Monday, 19 October 2009

Recruitment drive

East Surrey Creative Writing Workshop are looking for new members. We welcome people from all over the community, providing you're over 18 and love writing.

We meet every two weeks, at a local pub in Reigate. We already have a good range of ages and, although we have more women than men, men are very much welcome!

We're a friendly lot who have a really good laugh and enjoy reading others' work, giving constructive feedback and hearing others' thoughts on their own work.

Read on to find out what we get up to on a typical meeting...

We set exercises every two weeks: we have a week to write our version of the exercise and then send each other our writing. Everyone then has one week to consider everyone else's submissions, giving us time to take in the writing.

Then, when we meet, we have a drink, settle down and then someone brave nominates him or herself to go first. We submit our crits and then move on to the next person.

Exercises are wide ranging: we've done fiction, non-fiction, articles and poetry. We've experimented with writing for adults and children, with themes ranging from nature to ghost stories.

We've also had author Rosemary Furber come to visit us to give us a talk about her experiences as a freelance journalist and author of children's book WYSIWYG and the much more adult, 'The Most Intimate Place'.

So, if you've got this far and you would like to join, give Tannice a call on 07981969693 or email

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Tuesday, 22 September 2009

Sophie: A Ghost Story

My name is Samuel Hunter. This is my true and factual account of the events that happened to me on the night of the 31st October. I am of sound mind and rational thinking, and my medical doctor and closest friends will attest to this truth. Many of the events related herein should lie in the realms of fantasy, and I myself would never have believed them if I had not lived through them. The Almighty knows I wish I had been spared the ordeal.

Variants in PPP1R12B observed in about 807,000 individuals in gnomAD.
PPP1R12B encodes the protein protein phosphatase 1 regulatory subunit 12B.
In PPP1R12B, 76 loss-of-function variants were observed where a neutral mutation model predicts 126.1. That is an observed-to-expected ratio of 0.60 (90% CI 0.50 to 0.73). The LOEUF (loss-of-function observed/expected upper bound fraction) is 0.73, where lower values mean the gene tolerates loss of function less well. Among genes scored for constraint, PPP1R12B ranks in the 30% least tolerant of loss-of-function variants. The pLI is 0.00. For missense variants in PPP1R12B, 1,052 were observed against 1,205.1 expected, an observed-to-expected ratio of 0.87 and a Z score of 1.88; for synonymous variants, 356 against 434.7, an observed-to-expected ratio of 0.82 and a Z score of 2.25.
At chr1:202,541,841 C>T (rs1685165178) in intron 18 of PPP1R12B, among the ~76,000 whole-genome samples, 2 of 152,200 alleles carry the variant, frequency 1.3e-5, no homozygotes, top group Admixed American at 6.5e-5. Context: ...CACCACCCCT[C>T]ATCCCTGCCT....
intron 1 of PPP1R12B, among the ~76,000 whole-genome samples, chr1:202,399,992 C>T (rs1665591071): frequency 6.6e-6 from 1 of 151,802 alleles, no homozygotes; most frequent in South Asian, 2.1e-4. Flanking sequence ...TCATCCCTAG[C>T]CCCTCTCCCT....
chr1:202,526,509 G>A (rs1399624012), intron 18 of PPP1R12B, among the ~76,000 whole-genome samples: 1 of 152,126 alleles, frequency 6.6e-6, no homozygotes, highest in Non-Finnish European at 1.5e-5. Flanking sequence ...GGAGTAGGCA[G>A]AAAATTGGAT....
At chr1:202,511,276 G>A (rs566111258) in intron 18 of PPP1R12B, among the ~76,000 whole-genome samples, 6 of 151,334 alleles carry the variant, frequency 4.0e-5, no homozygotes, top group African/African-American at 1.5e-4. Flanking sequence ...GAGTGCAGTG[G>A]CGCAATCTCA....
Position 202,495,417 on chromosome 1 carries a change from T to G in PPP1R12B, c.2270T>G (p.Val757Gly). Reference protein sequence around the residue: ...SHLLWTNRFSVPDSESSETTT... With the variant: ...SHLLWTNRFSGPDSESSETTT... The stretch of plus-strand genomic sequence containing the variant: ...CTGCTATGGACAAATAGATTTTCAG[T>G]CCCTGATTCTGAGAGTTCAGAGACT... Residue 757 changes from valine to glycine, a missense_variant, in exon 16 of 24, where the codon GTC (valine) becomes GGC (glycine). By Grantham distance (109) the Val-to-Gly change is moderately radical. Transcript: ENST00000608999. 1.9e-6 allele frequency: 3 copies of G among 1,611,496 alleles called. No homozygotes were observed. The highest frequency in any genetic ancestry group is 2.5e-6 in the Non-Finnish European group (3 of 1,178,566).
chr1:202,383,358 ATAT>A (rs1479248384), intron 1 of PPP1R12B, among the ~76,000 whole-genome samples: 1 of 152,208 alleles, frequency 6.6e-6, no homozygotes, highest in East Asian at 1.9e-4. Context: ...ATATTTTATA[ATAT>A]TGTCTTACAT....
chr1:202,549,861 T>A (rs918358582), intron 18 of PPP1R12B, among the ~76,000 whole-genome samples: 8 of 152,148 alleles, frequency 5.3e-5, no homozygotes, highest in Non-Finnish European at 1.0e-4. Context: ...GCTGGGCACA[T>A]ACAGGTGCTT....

It all started when I received a phone call from the law firm J. Simpkins and Sons, informing me of the death of my great Uncle Vladimir and of the vast estate he had left solely to me, just outside a small town called Hexham.

I am by trade a business man, and I made my fortune through a series of opportune investments. My life looked great from the outside, but I felt alone and rotten. I had no motivation to live: no job, no purpose, very few real friends and no one to care for me. My family was long dead and I never managed any meaningful attachments with women.

I was reaching the point of despair, drowning my sorrows in the highest quality whisky, often wondering whether the world would be any different if I killed myself, but always lacking the courage.

When I heard the news, I decided to take a trip North to pay my respects to the man I had never met, who had probably been my last surviving blood relative. At the same time, I took advantage of taking a look at the estate.

Mr Simpkins himself drove me to the estate, and on the way he amused himself by telling me stories about area. As he showed me around the house, and then around the lands, he started telling me ghost stories, presumably inspired by the gothic architecture.

I barely heard him. As we walked around, I started feeling. For so long I had been numb, and now I noticed the beauty around me and was inspired. I started having all sorts of plans about what to do with them. I immediately arranged for my transfer to the house.

The day I moved in was a glorious day. It was October, and there was a thin frost sparkling on the grass and a delightful crispness in the air. The lake glinted like a mirror. As I walked around, I saw intricate spider's webs glistening in the dawn light. The trees had created deep carpets of red and orange, and their long bare branches stretched in praise to the heavens. I spent several hours wandering the grounds, one moment planning and dreaming, the next lost in the beauty and calmness.

Later on, I met with Mr Simpkins to sign all his papers. “Make sure you beware of the ghosts!” he laughed as he got into his car and drove off.